Kia Niro Hybrid. Photo by Chris Stone

Korean automakers Hyundai and Kia have asked a U.S. judge to reject lawsuits filed by 17 cities – including San Diego – for failing to install anti-theft technology in millions of their vehicles.

The lawsuits followed thousands of Hyundai and Kia thefts that used a method popularized on TikTok and other social media channels.

In addition to San Diego, the cities suing Kia and Hyundai include New York, Seattle, Cleveland, Milwaukee and Columbus.

The automakers, controlled by the same conglomerate, said in a court filing they should not held liable for thefts “resulting from an unprecedented criminal social-media phenomenon.”

They contend that cities’ “lax policing and prosecution policies” and “budgetary decision-making that diverted public safety resources away from the prevention and disruption of auto theft and reckless joyriding” was more relevant than Hyundai or Kia failing to equip vehicles with anti-theft immobilizers.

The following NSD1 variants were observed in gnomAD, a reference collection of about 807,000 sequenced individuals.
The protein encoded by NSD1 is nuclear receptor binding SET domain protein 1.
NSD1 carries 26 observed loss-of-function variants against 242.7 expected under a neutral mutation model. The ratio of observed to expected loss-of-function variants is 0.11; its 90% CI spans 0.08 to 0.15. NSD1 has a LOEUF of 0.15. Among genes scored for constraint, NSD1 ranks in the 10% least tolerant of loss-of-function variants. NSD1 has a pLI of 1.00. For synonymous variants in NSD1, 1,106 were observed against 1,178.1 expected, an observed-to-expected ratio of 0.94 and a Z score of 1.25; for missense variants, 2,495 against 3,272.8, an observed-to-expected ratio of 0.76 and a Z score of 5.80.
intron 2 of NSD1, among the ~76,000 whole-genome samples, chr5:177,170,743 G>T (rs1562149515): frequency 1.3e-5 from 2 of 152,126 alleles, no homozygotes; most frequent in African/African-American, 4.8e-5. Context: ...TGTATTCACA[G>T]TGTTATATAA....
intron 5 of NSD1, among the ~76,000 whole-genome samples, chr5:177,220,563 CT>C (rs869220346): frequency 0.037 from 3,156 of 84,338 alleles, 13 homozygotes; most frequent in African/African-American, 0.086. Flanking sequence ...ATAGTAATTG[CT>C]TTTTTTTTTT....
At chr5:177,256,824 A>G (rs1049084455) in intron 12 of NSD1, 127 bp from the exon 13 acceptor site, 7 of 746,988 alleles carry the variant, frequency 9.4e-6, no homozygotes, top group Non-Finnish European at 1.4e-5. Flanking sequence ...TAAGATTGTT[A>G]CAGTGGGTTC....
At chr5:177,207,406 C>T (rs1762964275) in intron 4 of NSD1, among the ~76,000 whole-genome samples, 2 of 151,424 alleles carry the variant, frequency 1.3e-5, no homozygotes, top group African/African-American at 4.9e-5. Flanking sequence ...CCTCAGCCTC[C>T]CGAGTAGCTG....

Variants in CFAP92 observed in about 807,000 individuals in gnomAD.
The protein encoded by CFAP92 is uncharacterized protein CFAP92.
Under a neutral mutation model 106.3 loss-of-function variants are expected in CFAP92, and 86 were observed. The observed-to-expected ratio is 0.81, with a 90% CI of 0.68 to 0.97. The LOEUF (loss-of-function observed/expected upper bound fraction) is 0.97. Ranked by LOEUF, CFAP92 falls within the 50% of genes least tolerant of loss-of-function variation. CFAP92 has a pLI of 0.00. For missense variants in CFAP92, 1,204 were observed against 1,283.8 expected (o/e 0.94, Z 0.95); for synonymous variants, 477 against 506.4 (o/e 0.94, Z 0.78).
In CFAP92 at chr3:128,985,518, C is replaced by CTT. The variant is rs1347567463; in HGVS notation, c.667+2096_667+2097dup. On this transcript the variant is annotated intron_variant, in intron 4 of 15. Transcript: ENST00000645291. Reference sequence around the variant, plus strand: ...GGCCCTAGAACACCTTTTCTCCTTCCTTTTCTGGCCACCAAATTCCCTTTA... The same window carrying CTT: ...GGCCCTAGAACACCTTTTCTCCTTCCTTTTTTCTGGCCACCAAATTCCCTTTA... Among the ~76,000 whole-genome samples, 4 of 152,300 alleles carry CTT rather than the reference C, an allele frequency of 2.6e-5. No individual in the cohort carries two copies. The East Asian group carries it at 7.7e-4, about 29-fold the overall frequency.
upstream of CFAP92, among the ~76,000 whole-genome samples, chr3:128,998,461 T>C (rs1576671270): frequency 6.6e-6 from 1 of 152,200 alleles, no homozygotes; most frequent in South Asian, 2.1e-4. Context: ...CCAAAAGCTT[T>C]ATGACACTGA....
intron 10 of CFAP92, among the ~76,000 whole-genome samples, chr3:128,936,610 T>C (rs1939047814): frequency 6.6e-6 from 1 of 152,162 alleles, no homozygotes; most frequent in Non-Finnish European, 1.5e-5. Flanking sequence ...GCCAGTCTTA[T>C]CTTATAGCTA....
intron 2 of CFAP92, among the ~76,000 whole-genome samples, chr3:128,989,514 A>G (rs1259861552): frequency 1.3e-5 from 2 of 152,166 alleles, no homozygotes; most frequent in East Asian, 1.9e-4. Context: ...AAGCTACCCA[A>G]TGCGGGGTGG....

In February, the automakers said they would offer software upgrades to 8.3 million U.S. vehicles to help curb thefts.

TikTok and other social media videos that show how to steal Kia and Hyundai cars without push-button ignitions and immobilizing anti-theft devices have spread nationwide.

This had led to car thefts that resulted in at least 14 reported crashes and eight fatalities in the vehicles, the National Highway Traffic Safety Administration (NHTSA) said in February.

Immobilizers were standard on 96% of U.S vehicles by 2015, but were standard on only 26% of 2015 model year Hyundai and Kia vehicles, according to the Insurance Institute for Highway Safety’s (IIHS) Highway Loss Data Institute.

The automakers noted that NHTSA does not require immobilizers, unlike some other countries.

Kia and Hyundai vehicles represent a large share of stolen cars in many U.S. cities, according to data from police and state officials. Many Hyundai and Kia vehicles have no electronic immobilizers, which prevent break-ins and bypassing the ignition.

In May, the automakers agreed to a consumer class-action lawsuit settlement worth $200 million over rampant car thefts of their vehicles. A judge rejected initial approval but the companies will address concerns later this month.

(Reporting by David Shepardson; editing by Angus MacSwan)